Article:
Last week I gave a morning presentation session on my book for UBA. 20 interested people listening to what I had learned from interviewing women in top positions. I was so enthusiastic and they were such a great audience that I even gave more advice on how to structure a presentation. How to begin, how to structure the middle and I deliberately did not give any ideas on how to end to make them curious. No surprise when someone asked me during the Q&A what my advice is on how to end a presentation. I told them about the 3 parts: summarize or come to a conclusion, Q&A, and the last important part is to know what your last (strong) sentence will be AFTER the Q&A to end it completely without having to say ‘Thank you for your attention’. When I gave this information I suddenly realized that I had not thought of an ending for the presentation I was giving. And as I had given them information on how to end it I had to walk my talk…One of the things you can do is refer back to the very beginning to actually make the circle round. For this presentation I had been introduced and people knew that I had become an independent trainer in 2000. So my last sentences AFTER the questions was this ‘When I made the decision to become an indepent trainer I had no idea what an adventure it would become. But I can only say it was the best decision I ever made and I can only hope that this book will help you for your next presentations…’ I made the circle round alright but what I did not expect is that I became all emotional in saying these words. I had to fight against my tears and could barely speak the words which made me realize yet again. You’d better be prepared and know exactly how to end it so you won’t get surprises…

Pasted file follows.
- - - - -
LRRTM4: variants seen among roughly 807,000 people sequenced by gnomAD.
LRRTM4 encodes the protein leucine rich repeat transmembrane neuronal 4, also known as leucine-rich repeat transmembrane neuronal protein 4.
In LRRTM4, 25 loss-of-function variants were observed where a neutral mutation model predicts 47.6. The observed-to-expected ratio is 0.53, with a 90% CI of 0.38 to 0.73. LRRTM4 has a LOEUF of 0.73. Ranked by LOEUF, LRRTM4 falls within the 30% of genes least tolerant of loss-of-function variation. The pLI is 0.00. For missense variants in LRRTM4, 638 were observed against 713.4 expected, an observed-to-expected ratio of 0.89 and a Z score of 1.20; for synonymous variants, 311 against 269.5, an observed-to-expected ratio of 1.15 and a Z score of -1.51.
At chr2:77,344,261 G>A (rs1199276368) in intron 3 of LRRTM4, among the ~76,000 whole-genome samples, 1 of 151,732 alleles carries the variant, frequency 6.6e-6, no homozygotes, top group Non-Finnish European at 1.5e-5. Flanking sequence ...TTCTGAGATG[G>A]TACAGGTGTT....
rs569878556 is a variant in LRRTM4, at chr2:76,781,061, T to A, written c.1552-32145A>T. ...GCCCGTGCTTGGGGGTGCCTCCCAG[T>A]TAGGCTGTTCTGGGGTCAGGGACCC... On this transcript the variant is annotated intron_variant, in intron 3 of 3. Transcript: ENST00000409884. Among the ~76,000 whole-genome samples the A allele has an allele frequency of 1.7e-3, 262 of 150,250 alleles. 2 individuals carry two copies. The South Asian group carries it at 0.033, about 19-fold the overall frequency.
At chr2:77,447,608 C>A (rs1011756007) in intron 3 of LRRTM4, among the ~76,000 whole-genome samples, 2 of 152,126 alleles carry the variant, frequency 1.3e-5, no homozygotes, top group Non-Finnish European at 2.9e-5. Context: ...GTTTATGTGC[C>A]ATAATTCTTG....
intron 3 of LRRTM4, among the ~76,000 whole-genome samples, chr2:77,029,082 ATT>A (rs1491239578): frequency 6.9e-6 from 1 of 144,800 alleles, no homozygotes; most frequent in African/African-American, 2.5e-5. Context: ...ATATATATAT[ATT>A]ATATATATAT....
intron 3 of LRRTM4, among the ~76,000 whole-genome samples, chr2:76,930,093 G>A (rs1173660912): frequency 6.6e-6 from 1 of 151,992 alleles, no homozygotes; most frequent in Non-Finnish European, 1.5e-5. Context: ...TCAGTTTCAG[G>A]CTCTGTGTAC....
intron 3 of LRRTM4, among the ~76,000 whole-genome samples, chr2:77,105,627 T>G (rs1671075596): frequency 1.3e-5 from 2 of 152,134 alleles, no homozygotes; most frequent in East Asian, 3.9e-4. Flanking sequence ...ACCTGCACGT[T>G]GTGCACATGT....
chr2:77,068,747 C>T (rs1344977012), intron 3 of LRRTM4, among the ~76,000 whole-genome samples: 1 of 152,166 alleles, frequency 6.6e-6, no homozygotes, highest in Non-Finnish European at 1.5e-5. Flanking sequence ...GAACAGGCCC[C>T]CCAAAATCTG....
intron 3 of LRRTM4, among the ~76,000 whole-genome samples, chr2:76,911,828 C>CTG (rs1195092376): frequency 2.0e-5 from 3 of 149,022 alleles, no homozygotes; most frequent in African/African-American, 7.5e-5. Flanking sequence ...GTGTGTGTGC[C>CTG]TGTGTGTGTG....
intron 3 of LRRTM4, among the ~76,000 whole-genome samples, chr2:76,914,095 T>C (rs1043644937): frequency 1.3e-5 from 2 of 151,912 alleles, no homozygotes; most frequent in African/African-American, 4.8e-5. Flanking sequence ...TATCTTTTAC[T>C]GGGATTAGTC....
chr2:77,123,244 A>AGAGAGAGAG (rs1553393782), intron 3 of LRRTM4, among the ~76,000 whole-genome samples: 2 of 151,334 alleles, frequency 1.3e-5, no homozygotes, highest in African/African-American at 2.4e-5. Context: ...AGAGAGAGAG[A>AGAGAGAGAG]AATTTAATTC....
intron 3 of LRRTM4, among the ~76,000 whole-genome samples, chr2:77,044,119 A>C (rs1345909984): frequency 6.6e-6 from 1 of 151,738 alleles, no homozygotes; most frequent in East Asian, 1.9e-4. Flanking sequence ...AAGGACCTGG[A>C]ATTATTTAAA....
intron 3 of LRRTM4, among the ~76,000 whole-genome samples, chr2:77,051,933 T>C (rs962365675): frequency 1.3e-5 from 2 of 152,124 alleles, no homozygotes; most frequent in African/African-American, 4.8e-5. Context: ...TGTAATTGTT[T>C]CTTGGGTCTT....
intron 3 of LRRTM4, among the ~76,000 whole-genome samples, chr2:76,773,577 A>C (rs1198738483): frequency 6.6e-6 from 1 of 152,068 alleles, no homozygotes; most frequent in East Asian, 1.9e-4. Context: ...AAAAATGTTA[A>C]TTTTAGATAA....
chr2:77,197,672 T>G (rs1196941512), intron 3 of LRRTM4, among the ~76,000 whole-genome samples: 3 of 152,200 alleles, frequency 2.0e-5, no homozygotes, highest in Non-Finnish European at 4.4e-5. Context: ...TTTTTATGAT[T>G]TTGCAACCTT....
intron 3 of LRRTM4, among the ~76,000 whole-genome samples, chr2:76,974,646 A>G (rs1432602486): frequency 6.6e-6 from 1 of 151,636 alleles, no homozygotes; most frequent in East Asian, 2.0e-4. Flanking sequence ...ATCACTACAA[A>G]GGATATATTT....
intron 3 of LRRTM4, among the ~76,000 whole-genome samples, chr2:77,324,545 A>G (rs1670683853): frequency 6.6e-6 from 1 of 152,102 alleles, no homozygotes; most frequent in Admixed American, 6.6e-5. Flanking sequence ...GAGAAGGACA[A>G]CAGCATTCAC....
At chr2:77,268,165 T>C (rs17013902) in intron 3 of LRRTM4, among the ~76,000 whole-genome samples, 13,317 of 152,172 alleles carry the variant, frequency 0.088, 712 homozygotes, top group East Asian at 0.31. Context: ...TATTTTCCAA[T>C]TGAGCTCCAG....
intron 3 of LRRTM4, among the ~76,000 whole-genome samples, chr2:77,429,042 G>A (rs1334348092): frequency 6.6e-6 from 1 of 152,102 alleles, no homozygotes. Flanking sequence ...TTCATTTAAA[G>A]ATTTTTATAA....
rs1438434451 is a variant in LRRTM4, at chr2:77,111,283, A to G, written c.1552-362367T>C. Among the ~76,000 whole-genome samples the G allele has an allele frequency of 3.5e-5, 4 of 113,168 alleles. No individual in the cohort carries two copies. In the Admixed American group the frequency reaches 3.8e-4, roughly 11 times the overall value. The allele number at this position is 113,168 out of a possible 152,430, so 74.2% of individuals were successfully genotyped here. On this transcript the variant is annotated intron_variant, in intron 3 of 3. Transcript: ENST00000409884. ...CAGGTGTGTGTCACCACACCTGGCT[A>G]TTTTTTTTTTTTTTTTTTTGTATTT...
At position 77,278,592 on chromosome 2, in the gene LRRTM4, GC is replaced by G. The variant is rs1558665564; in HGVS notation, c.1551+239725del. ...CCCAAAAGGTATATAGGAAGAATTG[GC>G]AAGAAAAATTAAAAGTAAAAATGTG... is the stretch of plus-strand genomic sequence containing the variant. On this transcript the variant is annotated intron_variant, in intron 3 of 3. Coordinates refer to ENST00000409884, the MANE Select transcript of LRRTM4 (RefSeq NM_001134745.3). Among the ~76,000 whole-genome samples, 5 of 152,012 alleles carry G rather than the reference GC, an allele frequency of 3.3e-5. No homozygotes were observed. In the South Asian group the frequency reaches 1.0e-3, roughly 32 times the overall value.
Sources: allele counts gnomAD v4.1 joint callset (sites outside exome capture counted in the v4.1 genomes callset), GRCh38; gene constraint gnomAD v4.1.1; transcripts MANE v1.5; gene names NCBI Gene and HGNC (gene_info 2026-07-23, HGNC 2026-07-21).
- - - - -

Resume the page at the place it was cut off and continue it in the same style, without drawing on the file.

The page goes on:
Clarity !

Last friday I went to an interesting event for speakers. I listened to 3 presentations, all of them experienced speakers. On my way home I thought of these presentations and I specifically thought of what I remembered from them. Because ultimately this is the effect you want with a presentation, that the audience remembers your main message. And it struck me that it was not that easy for me to remember what they had said although I clearly remembered more of the third presentation. How come ? All three of them spoke with enthusiasm, they all had a great eyecontact, they all used examples and anecdotes, they all came close to the audience. Two of them had used a PowerPoint and the slides that they had shown were just excellent. But only one of the speakers had clarity and used a real structure in the presentation and in the end…it made all the difference to me !

What’s in it for the Audience ?

Neil Lazarus talks in his video below how to introduce and end a presentation. In the introduction you ideally answer questions like ‘what is the objective of the presentation’ and ‘why is it important for the audience to listen to that presentation’. In other words ‘what’s in it for the audience ?’… Apart from the opening I advise everyone to think clearly about their last sentence. This is a sentence you will adress to the audience AFTER the questions to complete your presentation without having to say ‘thank you for your attention’. What I like to say at the end of my lecture is this ‘if there is ONE thing I want you to remember from this presentation, it is….’ (and then I say something I think was extremely important for them to remember). Neil Lazarus demonstrates this in a very nice way.  Now, I don’t like his body language that much, but it is the content that is interesting…